Zosia Mackenzie, my production designer, built these incredible mirror boxes. There was one mirror box mirrored on all sides, but one wall was a one-way glass so you could look in without the camera’s reflection being seen. Opposite the camera was a kind of “smart glass.” We had a pinwheel of lights that would spin, and it would hide the rig but show the lights floating in this mirrored space bouncing around. 

After we shoot, we re-photograph the rushes. We would spend 16 hours at a time in Karim’s living room projecting all the footage using his projector and then reshooting it through additional glass, deforming it even more. It left us countless hours of footage that we’d then have to go through with my editor, James Vandewater. It was a completely deranged process because, a lot of the time, we were picking individual frames and building it out frame by frame, almost like stop-motion, figuring out what frames would pair to create different effects. There was also some literal stop motion that Dan and Lee Hardcastle did to supplement.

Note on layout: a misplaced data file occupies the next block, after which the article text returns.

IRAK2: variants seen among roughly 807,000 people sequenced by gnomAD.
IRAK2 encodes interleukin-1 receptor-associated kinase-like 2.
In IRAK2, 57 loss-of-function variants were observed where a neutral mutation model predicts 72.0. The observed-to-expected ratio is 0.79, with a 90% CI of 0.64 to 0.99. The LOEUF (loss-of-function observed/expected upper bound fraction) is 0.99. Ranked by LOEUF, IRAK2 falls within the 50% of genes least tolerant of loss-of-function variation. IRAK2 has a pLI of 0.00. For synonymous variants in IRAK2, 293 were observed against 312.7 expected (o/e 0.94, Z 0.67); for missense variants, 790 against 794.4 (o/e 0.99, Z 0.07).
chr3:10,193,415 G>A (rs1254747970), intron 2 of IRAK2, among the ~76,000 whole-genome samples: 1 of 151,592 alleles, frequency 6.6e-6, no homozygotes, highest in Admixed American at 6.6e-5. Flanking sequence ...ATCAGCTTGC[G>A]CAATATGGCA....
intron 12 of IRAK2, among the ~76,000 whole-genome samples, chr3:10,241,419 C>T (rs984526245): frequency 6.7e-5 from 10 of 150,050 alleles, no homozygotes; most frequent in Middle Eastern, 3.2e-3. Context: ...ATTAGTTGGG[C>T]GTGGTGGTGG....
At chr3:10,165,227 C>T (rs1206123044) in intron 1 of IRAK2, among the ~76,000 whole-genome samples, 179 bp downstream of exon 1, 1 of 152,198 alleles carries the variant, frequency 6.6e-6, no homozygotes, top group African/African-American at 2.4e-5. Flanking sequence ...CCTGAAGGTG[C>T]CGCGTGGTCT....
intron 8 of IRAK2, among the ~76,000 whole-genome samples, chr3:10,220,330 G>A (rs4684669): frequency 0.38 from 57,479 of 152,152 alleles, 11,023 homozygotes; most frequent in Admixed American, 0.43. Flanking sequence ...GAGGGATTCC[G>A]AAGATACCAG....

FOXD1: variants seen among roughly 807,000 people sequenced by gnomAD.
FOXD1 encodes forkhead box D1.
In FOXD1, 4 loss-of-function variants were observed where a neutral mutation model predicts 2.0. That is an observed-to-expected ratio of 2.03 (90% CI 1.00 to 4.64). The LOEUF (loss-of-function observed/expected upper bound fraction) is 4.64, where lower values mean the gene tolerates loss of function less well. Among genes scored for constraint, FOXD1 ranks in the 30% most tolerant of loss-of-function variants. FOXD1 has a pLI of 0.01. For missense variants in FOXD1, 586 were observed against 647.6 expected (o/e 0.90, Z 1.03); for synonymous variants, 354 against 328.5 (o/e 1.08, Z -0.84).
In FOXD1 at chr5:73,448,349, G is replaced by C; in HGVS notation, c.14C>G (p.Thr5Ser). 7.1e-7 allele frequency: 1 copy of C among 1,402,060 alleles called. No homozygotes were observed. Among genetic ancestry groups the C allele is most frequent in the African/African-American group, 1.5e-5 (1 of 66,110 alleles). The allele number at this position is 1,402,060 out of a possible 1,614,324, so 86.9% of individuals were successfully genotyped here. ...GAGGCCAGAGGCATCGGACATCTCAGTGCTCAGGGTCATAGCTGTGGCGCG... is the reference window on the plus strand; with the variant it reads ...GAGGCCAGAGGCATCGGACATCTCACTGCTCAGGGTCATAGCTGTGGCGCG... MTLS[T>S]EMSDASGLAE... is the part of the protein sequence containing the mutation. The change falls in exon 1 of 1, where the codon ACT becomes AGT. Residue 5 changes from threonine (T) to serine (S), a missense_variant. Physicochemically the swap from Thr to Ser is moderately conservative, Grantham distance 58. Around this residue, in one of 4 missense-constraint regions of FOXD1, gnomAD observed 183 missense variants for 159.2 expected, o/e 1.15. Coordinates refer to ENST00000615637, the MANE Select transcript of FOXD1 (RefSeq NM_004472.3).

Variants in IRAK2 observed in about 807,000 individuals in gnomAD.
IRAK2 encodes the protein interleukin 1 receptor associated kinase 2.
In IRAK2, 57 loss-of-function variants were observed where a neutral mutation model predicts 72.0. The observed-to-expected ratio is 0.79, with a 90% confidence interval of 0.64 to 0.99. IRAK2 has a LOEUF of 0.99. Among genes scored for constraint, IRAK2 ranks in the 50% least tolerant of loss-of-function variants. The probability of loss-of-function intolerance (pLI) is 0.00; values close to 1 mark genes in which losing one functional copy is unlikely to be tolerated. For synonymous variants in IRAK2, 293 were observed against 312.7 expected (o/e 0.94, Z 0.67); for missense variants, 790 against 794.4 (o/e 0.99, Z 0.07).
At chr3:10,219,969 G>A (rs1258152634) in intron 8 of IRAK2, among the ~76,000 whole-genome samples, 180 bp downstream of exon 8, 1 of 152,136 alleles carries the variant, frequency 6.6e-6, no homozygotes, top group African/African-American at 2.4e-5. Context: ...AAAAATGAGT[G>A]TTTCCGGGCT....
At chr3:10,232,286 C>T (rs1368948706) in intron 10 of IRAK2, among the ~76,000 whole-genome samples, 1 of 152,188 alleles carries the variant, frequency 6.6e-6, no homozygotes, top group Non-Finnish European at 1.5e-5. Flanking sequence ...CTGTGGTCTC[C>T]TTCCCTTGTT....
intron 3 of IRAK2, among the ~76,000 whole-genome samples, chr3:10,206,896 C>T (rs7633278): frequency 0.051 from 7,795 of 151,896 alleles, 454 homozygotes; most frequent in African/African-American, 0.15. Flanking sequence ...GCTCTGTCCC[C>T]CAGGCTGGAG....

JS: There’s been discussion over the R and NC-17 versions. Please explain the importance of creating transgressive, boundary-pushing cinema in 2023.

Brandon Cronenberg: One of the best things about art is to be put in a position where you’re not comfortable. Exploring those aspects of your psyche and the human emotional spectrum, (being able) to explore those difficult things, is transformative in a completely healthy way and very much at the essence of art. When I watch a film, I want it to take me off guard. I want it to push me around and force me into difficult places. There’s not only a catharsis in going through that, but we’re healthier for exploring these things. Funnily though, I was reading that horror fans did better in the pandemic in general because we’re so used to images of society crumbling. We’re used to dealing with difficult circumstances. When art disrupts the normal flow and rhythm of your life, the way you see the world, that’s incredibly powerful, healthy and important. It’s certainly not something we should lose. ■

Infinity Pool (directed by Brandon Cronenberg)

Infinity Pool opened in Montreal theatres on Jan. 27, and is streaming now in Canada on Crave.

 For our latest in film and TV, please visit the Film & TV section.